There is a male professor for whom numerous rumors over many years point toward a sexual predator who allegedly preys on the undergraduates in an aggressive/violent manner. Hypothetically, let’s say Professor “Bonaparte” is a faculty member at a premier mathematics department at a top public university in northern California. A couple of years ago, he was elected to the National Academy. My first reaction was “now, they will never do anything about him, even if someone complains.”
A male visitor to the department once told me he hated this professor. They had been graduate students together in the department where Professor Bonaparte was now employed. The visitor said he hated Professor Bonaparte based on the stories he used to tell about women, about “throwing them up against the wall” and so on. One of the male graduate students in the department also hated him, saying Professor Bonaparte had attacked his girlfriend after inviting her to his office late in the evening to discuss her exam. Professor Bonaparte’s own secretary told stories about him also, including him coming into her office to to say things like “I really have to stop dating these 19 year olds.”
I will never forget being a TA in Professor Bonaparte’s course. It was a large lecture, but he clearly had a favorite female student to whom he would ask questions and banter during the lecture. She was smart and cute and excited to be there. One day she sat looking crestfallen, and her demeanor remained this way for the rest of the semester. Their banter stopped. I have always wondered if he did something to her. I believe in my heart that he did. I regret that I did not approach her and ask if everything was ok.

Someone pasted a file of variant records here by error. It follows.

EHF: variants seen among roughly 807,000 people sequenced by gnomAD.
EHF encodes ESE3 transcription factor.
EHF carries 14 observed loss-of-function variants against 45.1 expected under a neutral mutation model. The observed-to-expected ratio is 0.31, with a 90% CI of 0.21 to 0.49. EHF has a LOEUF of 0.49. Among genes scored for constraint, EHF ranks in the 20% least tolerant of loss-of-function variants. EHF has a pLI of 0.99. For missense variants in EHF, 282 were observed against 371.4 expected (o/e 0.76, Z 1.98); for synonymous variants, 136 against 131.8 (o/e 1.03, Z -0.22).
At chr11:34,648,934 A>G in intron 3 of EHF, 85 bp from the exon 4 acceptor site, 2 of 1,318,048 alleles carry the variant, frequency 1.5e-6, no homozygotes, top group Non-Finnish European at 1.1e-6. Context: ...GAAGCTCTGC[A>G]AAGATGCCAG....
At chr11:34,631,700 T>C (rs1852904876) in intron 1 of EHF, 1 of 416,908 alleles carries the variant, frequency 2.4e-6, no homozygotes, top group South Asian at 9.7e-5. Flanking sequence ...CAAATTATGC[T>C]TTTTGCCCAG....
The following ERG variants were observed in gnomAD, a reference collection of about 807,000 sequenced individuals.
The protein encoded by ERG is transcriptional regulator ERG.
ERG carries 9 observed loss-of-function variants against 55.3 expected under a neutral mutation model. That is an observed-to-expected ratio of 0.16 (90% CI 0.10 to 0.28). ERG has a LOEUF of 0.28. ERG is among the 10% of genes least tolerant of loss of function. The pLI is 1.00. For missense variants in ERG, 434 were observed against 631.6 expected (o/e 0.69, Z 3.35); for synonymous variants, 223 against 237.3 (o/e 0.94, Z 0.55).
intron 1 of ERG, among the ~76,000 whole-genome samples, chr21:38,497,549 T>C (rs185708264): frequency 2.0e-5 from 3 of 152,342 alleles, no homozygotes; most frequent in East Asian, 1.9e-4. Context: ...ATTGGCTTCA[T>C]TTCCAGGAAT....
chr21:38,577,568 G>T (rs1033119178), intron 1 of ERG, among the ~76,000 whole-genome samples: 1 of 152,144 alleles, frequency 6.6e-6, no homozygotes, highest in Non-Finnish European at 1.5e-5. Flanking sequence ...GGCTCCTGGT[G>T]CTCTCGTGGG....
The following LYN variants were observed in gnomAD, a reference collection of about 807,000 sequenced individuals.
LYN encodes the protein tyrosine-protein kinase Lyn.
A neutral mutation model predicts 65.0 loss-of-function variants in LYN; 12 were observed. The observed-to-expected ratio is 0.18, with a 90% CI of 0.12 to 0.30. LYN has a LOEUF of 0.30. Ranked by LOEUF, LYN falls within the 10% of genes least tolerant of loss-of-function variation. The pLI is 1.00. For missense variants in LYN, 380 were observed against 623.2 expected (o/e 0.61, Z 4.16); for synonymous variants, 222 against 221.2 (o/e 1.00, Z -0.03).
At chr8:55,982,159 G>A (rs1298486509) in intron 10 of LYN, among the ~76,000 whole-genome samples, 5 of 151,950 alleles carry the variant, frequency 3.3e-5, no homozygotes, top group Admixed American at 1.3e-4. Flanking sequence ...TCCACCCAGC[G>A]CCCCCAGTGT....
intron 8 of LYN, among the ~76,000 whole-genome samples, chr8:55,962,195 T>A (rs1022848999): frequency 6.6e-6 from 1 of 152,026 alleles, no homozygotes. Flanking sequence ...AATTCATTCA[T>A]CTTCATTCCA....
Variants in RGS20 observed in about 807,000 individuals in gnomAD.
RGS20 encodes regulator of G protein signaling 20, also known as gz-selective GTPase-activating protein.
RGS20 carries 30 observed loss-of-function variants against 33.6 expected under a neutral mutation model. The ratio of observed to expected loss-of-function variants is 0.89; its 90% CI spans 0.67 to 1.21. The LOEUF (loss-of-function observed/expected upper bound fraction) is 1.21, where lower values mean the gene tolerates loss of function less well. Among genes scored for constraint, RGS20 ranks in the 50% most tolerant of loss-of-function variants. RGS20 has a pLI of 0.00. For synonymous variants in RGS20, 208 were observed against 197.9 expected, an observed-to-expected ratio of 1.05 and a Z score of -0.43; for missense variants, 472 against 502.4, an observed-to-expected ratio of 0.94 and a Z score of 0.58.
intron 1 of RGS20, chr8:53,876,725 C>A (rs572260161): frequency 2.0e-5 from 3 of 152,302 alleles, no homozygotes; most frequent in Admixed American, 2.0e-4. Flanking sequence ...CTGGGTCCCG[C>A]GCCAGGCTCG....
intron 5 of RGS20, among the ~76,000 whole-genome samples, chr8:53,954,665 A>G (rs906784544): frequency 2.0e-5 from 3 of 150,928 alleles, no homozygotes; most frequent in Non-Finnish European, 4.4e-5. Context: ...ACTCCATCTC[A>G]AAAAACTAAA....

I hope someone finally reports Professor Bonaparte. He is a sick bastard if even a fraction of the rumors about him are true.
A few years ago when I was applying to graduate school, I had a few interviews at one school with a few faculty members in the department, including the dean. The dean asked which faculty members I would be interesting in working with, and I mentioned one of the female professors in the department. He immediately began trashing her work and her character. He kept disparagingly referring to her “silly little [devices she invented and won a bunch of prestigious awards for]”.
If they treat the female faculty that way in the department, how am I ever going to get support as a female graduate student? No thanks.
I know you’re the boss but….
During a summer internship I worked at a national lab where I was under the direction of a female mentor who was the project director, overseeing ~ 30 people.
During one lunch meeting with some representatives from an outside contractor, I observed that she and I were the only women at the table (we had brought one male colleague with us and all of the other representatives were male).
I didn’t recognize this until I realized that no one was making eye contact with me or speaking directly to me. I wrote it off to me being the intern… until I realized they were doing it to my mentor too, clearly the most senior person in the conversation. She would speak and ask them a question, and they would acknowledge the question and then turn to her male (subordinate) colleague in order to answer it. If they had questions, they posed them to my male colleague even if my mentor was the most prepared to answer them.
I brought it up with her and the male colleague after the meeting and he brushed it off, but she took me aside and said that its something she sees regularly, even though she’s a project director and her female boss oversees the *entire* department.